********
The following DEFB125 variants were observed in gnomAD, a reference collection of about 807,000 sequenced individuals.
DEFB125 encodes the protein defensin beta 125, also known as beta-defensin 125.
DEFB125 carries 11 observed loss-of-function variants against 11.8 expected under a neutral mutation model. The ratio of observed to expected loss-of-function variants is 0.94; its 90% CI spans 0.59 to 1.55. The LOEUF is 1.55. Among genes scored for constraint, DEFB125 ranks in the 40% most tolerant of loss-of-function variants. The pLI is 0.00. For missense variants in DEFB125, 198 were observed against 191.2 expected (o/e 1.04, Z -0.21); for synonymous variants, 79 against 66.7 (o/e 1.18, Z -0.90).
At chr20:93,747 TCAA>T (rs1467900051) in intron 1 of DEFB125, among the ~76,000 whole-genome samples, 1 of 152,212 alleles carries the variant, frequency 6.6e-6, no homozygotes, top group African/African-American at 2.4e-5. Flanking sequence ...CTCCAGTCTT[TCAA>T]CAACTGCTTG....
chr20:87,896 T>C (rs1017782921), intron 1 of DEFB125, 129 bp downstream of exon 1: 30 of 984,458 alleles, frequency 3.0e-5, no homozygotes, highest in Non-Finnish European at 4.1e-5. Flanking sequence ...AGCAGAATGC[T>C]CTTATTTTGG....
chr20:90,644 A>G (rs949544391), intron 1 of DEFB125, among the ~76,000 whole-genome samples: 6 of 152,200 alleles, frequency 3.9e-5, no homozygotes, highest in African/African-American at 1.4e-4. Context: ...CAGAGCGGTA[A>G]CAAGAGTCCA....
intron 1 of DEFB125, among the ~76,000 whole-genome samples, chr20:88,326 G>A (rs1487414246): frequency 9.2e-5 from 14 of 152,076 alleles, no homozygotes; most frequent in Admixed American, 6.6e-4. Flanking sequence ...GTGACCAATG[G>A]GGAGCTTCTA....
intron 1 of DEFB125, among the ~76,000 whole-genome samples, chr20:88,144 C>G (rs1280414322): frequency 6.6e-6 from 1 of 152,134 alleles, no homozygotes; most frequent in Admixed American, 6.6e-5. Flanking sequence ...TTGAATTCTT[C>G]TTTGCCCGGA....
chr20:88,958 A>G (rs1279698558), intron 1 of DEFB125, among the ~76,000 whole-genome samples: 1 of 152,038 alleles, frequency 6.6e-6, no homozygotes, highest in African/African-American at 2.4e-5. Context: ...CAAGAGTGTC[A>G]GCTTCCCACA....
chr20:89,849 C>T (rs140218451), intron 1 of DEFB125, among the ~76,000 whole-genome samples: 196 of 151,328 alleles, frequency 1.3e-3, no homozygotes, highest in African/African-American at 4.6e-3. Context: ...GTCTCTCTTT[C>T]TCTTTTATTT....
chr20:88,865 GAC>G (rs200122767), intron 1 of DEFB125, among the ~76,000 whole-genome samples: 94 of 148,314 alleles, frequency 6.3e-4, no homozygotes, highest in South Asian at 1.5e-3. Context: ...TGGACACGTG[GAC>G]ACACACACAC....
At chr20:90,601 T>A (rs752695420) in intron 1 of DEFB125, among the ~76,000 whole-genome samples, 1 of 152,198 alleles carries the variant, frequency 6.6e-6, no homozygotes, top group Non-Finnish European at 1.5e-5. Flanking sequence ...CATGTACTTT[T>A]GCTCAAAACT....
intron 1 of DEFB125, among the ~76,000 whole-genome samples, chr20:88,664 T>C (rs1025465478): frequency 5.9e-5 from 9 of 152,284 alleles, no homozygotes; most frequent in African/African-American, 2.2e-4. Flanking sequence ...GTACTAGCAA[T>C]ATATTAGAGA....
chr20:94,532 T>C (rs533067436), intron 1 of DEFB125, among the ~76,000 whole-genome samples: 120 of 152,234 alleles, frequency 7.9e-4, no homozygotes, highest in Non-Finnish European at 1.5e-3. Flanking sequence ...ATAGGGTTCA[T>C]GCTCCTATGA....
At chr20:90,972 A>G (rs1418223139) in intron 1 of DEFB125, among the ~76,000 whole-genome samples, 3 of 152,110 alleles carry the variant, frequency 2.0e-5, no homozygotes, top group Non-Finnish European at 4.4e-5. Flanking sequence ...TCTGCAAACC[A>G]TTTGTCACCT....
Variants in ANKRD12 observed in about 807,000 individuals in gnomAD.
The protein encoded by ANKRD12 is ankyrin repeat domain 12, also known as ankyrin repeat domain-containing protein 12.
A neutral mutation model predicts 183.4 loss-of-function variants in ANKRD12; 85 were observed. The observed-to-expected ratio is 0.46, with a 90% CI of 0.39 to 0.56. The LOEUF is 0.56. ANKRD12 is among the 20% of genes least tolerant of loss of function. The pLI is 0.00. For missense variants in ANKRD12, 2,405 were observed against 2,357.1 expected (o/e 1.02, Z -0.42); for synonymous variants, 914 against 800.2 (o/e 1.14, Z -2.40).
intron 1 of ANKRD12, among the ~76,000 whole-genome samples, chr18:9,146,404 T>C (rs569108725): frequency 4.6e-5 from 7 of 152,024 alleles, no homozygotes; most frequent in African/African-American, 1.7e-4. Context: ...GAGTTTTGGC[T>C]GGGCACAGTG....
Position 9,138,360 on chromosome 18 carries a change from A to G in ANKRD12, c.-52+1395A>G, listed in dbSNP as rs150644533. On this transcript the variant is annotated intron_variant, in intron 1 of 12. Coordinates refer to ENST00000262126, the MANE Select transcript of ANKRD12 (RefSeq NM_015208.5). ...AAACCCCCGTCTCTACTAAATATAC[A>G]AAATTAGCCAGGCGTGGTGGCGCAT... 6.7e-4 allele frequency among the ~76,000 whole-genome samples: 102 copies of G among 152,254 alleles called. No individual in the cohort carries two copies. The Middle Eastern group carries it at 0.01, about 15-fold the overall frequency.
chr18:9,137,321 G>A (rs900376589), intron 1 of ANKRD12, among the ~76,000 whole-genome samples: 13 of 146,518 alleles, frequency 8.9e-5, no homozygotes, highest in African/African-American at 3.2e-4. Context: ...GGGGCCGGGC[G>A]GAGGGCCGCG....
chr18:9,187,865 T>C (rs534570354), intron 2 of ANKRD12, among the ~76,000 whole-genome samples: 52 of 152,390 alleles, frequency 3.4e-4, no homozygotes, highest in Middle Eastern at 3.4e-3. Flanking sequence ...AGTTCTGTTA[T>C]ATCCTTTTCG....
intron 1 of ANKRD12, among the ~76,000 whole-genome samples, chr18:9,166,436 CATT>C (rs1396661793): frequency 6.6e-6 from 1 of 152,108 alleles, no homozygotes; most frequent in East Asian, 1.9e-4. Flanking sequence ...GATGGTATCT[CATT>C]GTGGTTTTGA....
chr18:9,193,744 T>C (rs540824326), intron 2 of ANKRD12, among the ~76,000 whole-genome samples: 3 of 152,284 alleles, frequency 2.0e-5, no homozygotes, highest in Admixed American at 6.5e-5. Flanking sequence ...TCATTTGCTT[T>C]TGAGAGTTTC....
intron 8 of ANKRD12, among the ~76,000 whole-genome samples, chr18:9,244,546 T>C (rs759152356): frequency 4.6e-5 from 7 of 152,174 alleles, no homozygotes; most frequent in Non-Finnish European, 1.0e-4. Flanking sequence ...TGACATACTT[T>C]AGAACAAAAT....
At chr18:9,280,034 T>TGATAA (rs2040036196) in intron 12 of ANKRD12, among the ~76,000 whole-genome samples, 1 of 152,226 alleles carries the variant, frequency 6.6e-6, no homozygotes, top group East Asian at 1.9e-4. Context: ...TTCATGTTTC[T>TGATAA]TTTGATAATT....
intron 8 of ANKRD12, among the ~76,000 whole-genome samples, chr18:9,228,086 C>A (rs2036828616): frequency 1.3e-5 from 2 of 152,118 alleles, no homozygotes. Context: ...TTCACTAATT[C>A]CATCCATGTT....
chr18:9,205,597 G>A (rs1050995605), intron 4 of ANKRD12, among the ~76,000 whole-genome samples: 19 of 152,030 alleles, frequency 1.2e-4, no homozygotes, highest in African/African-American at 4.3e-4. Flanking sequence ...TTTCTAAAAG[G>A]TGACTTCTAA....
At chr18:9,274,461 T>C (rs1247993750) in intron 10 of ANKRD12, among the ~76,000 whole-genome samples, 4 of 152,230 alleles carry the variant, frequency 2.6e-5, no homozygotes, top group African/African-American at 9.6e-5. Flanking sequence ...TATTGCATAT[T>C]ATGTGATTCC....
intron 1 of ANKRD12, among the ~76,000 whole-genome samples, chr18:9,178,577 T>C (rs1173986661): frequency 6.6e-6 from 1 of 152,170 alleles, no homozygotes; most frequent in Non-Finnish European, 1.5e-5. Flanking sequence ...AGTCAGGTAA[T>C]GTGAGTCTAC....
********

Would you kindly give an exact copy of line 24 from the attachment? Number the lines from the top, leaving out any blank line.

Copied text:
chr18:9,193,744 T>C (rs540824326), intron 2 of ANKRD12, among the ~76,000 whole-genome samples: 3 of 152,284 alleles, frequency 2.0e-5, no homozygotes, highest in Admixed American at 6.5e-5. Flanking sequence ...TCATTTGCTT[T>C]TGAGAGTTTC....